Tokyo Electric Power Co (TEPCO), the operator of the crippled Fukushima Daiichi nuclear plant, just can’t catch a break, even in the small things like spelling. A mistake they made during Prime Minister Shinzo Abe’s visit at the plant on Thursday immediately went viral, leading them to immediately make a public apology.
TEPCO gave the prime minister a specially printed radiation-protection suit during his site visit on Thursday, but they embarrassingly misspelled his name on the suit, using the wrong Chinese character for part of Abe’s name. The first three letters were correct, but the last one used a same-sounding character which had a different meaning. Blaming it on a “typing error”, a TEPCO spokesman profusely apologized for the gaffe. “We are very sorry for the mistake. We sincerely apologise to the prime minister for printing an inaccurate name,” the spokesman said.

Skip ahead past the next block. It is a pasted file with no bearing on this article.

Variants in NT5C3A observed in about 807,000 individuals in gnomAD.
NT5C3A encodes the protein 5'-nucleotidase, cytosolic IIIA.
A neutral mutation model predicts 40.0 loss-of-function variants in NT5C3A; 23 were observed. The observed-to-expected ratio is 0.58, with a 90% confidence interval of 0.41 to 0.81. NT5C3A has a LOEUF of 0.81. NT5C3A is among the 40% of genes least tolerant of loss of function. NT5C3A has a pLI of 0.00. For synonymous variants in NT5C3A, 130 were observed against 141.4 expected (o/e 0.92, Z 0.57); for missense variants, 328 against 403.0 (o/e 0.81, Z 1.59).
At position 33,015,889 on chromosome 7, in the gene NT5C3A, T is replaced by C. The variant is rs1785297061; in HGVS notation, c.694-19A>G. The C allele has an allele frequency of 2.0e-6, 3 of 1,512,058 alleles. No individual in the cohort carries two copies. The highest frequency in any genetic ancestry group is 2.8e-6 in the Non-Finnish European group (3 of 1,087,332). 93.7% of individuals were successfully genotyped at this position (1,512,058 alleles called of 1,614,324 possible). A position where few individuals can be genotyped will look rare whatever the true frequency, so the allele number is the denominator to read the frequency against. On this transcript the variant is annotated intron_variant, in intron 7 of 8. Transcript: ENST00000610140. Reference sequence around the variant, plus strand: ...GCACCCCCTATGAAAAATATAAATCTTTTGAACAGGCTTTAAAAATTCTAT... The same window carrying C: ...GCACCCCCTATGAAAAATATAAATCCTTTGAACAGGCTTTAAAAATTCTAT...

Understandably, netizens pounced on this mistake to further heap criticism on the already beleaguered company. One Twitter user remarked, “They can’t get anything right, can they?”. A lot of the comments likened this careless mistake to the way TEPCO has handled the whole aftermath of the 2011 nuclear meltdown at Fukushima, the worst accident since Chernobyl. They have often been lambasted by the local and international community for how they have gone about the clean-up at the plant, which has resulted in numerous mistakes, including the recent leakage of 300 tons of contaminated water, some of which may have spilled into the Pacific Ocean.
[ via Fox News ]
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